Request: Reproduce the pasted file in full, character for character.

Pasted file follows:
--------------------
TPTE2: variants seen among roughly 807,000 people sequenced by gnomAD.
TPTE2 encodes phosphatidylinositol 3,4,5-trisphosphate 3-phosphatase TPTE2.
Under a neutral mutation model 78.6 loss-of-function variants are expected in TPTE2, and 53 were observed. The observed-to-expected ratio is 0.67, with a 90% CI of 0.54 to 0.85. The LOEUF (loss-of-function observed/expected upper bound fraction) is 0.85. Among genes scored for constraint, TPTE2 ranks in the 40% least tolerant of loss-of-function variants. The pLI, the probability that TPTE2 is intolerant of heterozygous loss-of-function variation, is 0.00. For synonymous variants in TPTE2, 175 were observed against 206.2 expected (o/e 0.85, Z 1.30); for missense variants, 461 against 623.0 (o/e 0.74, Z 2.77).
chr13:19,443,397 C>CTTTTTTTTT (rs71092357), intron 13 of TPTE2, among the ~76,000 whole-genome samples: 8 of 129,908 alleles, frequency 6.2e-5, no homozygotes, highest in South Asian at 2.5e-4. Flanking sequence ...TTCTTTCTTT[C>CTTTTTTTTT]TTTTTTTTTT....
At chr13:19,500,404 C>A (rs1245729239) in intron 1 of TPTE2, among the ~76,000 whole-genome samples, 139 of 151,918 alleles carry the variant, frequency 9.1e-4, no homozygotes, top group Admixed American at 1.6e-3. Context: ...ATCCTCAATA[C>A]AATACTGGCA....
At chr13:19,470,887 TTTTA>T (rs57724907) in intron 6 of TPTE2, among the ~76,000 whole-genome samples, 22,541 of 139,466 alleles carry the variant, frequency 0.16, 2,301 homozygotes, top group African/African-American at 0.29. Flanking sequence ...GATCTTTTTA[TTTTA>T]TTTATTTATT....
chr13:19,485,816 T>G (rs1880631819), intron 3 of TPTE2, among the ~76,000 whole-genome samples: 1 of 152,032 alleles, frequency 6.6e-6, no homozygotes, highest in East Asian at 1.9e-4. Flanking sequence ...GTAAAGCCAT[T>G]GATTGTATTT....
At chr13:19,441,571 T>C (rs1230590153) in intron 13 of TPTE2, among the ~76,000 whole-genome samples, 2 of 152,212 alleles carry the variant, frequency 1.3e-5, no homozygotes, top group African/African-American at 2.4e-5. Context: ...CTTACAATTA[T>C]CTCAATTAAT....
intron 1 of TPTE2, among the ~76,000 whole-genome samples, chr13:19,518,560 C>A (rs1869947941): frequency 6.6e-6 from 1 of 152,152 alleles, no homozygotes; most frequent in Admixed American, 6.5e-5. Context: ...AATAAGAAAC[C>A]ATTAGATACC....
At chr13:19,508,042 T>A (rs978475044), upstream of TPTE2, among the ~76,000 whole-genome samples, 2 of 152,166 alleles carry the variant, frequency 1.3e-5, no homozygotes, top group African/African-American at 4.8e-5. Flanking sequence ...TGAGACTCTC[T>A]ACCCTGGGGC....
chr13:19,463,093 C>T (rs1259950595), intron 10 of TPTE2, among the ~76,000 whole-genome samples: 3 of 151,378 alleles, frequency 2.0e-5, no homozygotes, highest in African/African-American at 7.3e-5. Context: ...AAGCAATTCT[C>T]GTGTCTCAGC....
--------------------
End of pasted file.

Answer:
TPTE2: variants seen among roughly 807,000 people sequenced by gnomAD.
TPTE2 encodes phosphatidylinositol 3,4,5-trisphosphate 3-phosphatase TPTE2.
Under a neutral mutation model 78.6 loss-of-function variants are expected in TPTE2, and 53 were observed. The observed-to-expected ratio is 0.67, with a 90% CI of 0.54 to 0.85. The LOEUF (loss-of-function observed/expected upper bound fraction) is 0.85. Among genes scored for constraint, TPTE2 ranks in the 40% least tolerant of loss-of-function variants. The pLI, the probability that TPTE2 is intolerant of heterozygous loss-of-function variation, is 0.00. For synonymous variants in TPTE2, 175 were observed against 206.2 expected (o/e 0.85, Z 1.30); for missense variants, 461 against 623.0 (o/e 0.74, Z 2.77).
chr13:19,443,397 C>CTTTTTTTTT (rs71092357), intron 13 of TPTE2, among the ~76,000 whole-genome samples: 8 of 129,908 alleles, frequency 6.2e-5, no homozygotes, highest in South Asian at 2.5e-4. Flanking sequence ...TTCTTTCTTT[C>CTTTTTTTTT]TTTTTTTTTT....
At chr13:19,500,404 C>A (rs1245729239) in intron 1 of TPTE2, among the ~76,000 whole-genome samples, 139 of 151,918 alleles carry the variant, frequency 9.1e-4, no homozygotes, top group Admixed American at 1.6e-3. Context: ...ATCCTCAATA[C>A]AATACTGGCA....
At chr13:19,470,887 TTTTA>T (rs57724907) in intron 6 of TPTE2, among the ~76,000 whole-genome samples, 22,541 of 139,466 alleles carry the variant, frequency 0.16, 2,301 homozygotes, top group African/African-American at 0.29. Flanking sequence ...GATCTTTTTA[TTTTA>T]TTTATTTATT....
chr13:19,485,816 T>G (rs1880631819), intron 3 of TPTE2, among the ~76,000 whole-genome samples: 1 of 152,032 alleles, frequency 6.6e-6, no homozygotes, highest in East Asian at 1.9e-4. Flanking sequence ...GTAAAGCCAT[T>G]GATTGTATTT....
At chr13:19,441,571 T>C (rs1230590153) in intron 13 of TPTE2, among the ~76,000 whole-genome samples, 2 of 152,212 alleles carry the variant, frequency 1.3e-5, no homozygotes, top group African/African-American at 2.4e-5. Context: ...CTTACAATTA[T>C]CTCAATTAAT....
intron 1 of TPTE2, among the ~76,000 whole-genome samples, chr13:19,518,560 C>A (rs1869947941): frequency 6.6e-6 from 1 of 152,152 alleles, no homozygotes; most frequent in Admixed American, 6.5e-5. Context: ...AATAAGAAAC[C>A]ATTAGATACC....
At chr13:19,508,042 T>A (rs978475044), upstream of TPTE2, among the ~76,000 whole-genome samples, 2 of 152,166 alleles carry the variant, frequency 1.3e-5, no homozygotes, top group African/African-American at 4.8e-5. Flanking sequence ...TGAGACTCTC[T>A]ACCCTGGGGC....
chr13:19,463,093 C>T (rs1259950595), intron 10 of TPTE2, among the ~76,000 whole-genome samples: 3 of 151,378 alleles, frequency 2.0e-5, no homozygotes, highest in African/African-American at 7.3e-5. Context: ...AAGCAATTCT[C>T]GTGTCTCAGC....